Wednesday, March 5, 2008

Libertarians vs. libertarians

I must apologize for the spotty content. Last week, I was literally too sick to blog. I was home from school for a week, but I was getting zero done, and this week has been spent trying to catch up. Let's hope there's more content as we go along.

Anyway, in our last installment, Oliver ( the old knives guy ) commented that he doesn't hate libertarians, only "Big L Libertarians." That was nice, except that he went on to point out that since I'm a school teacher, I'm probably one of those "Big L Libertarians" who just don't get it.

This puzzles me for a couple of reasons.

First, in what state in this fine union does one find that most public school teachers are libertarians, no matter what size any of the letters are? Not in Illinois, that's for sure. Here most teachers are old-school union-dues Democrats. A smaller but still large section of the school teacher population would call itself "progressive," which would have translated as "liberal" a few years ago and "pinko" before that. Now, here in the Heartland of America, there is a sizable minority of teachers who consider themselves "conservatives"--but their conservative streak is usually confined to wishing the schools did a better job of teaching children to love Jesus and stamp out The Gayness.

Second, what is a "Big L" libertarian? I learned about "Big R" and "Small R" republicans in school, but not libertarians. If a "Big L" libertarian, like a "Big R" republican, is a member of the Libertarian Party, then I'm not one of those. If a "Small L" libertarian is a person who basically thinks libertarian thought is a good idea, then that's me. I wanna be that one. I also consider myself a "Small R" republican, by the way, which means that I believe a republic is the most desirable form of government. A "Big R" republican would either be a member of the Republican Party or a political philosopher who bases his theory of politics on the concept of buying candy, ammunition, blue jeans and fence posts in the same store.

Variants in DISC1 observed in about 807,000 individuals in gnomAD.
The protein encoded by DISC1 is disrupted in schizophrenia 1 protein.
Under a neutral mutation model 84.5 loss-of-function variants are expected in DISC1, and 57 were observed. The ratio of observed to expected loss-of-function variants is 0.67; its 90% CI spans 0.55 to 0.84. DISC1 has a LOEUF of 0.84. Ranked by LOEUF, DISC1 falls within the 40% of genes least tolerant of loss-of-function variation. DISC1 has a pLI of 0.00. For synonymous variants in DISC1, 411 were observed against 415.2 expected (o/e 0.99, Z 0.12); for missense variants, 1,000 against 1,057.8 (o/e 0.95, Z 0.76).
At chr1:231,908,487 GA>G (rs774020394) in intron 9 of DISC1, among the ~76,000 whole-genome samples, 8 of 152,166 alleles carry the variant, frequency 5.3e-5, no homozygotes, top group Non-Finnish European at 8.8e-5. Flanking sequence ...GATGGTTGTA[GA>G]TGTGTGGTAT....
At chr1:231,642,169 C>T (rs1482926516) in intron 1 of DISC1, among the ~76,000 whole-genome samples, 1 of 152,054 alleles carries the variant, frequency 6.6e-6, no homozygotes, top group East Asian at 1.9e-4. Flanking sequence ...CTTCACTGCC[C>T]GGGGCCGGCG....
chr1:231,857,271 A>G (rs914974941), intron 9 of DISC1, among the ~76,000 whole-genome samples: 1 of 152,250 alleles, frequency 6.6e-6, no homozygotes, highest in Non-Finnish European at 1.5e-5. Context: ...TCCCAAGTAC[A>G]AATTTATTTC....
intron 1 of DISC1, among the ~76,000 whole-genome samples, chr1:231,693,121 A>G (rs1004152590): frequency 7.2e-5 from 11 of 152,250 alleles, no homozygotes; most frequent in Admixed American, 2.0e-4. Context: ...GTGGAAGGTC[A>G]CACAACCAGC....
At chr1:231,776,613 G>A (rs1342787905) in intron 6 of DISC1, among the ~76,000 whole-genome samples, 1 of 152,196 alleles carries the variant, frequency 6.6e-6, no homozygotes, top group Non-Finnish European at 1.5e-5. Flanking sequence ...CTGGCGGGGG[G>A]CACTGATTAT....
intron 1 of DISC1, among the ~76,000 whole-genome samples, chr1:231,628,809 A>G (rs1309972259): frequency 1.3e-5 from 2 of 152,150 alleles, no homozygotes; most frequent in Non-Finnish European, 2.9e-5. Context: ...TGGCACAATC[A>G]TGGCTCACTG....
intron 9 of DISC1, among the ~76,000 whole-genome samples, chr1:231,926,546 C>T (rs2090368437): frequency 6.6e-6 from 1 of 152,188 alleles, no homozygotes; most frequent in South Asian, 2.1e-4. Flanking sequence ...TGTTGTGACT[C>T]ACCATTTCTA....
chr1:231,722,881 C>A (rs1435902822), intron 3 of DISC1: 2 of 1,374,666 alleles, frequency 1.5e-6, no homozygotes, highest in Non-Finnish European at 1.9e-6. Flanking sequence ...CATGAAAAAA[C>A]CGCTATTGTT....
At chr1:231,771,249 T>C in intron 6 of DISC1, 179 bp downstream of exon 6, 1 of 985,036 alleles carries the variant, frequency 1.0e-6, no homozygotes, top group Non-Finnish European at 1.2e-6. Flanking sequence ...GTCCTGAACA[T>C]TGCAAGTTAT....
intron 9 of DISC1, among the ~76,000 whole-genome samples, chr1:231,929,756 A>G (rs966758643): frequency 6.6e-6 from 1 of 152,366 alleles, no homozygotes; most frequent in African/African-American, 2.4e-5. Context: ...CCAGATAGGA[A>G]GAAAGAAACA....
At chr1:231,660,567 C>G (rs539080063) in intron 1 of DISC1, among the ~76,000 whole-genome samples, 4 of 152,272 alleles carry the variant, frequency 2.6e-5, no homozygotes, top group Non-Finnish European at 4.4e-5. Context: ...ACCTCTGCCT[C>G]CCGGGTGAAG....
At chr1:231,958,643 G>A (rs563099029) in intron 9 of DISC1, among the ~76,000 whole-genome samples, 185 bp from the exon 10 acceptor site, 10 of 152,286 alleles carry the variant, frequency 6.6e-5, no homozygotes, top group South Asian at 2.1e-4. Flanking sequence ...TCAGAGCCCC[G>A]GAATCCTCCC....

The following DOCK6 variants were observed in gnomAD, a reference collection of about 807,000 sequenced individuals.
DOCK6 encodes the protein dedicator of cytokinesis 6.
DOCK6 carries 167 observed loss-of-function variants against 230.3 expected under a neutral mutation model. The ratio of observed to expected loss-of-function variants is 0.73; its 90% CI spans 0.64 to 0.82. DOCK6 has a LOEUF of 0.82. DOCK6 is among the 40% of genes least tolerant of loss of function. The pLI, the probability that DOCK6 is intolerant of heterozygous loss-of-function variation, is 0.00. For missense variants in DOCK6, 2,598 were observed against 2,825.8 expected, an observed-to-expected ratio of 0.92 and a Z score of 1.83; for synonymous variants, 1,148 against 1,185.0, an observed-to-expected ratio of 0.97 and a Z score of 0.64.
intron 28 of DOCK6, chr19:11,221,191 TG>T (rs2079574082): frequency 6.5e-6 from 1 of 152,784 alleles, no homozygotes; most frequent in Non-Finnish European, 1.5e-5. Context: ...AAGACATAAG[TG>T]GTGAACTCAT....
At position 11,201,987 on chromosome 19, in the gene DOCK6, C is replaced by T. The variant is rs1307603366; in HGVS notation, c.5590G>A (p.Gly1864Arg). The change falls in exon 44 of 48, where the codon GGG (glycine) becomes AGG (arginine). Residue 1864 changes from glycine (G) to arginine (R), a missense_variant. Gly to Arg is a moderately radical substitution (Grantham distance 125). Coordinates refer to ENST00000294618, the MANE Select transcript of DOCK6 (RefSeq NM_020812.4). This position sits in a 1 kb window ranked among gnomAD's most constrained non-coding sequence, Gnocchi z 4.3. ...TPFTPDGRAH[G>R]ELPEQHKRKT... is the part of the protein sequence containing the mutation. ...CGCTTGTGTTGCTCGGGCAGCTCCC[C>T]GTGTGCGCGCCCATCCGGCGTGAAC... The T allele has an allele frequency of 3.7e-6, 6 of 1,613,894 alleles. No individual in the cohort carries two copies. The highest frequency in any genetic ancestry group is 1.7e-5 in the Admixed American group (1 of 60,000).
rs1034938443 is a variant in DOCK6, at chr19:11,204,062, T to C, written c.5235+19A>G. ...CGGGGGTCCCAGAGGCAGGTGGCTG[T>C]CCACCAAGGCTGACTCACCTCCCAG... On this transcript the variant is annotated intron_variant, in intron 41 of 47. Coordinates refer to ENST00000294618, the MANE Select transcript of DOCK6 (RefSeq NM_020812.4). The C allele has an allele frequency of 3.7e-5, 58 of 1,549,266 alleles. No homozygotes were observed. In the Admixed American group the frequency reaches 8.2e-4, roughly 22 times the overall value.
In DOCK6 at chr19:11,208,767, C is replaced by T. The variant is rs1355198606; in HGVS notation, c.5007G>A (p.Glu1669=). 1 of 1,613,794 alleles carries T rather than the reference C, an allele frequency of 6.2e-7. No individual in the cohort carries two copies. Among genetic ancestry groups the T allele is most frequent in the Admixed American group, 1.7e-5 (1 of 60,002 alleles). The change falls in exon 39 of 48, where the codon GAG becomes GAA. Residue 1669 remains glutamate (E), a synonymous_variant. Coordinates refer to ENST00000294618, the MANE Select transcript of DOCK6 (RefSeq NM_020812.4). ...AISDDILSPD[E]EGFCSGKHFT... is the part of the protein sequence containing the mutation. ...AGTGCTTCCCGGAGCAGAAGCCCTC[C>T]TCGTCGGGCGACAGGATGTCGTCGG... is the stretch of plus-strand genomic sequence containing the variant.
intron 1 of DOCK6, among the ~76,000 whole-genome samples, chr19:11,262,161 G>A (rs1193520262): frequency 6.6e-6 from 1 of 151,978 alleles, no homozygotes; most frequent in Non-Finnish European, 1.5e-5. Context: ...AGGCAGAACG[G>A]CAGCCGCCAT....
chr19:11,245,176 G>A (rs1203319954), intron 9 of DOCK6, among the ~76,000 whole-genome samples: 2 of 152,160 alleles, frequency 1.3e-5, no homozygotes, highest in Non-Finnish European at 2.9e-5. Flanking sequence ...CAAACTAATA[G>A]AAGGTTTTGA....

I believe that libertarian thought is the way to go as far as it's practical. I believe in non-aggression. I believe that the maximum possible individual liberty is desirable. I realize that I live in a nation and a world where that point of view is marginal at best and "wacky fringe" at worst, so I don't get my hopes up too much. But in general, yes, more freedom is better than less freedom, and the individual deserves his liberty. It's just too bad that most of the country has no interest in individual freedom, particularly if there are consequences attached to it.


Sevesteen said...

That is puzzling--I would think that a public schoolteacher couldn't be a Big L, because the Pure, Big L Libertarians don't believe in public education.

This is one of the major reasons I'm a small L--I think education benefits people other than those getting it, and therefore qualifies as a proper function of government.

Don said...

I don't have a problem with private education, but there are two reasons I don't feel too badly about working in a public school: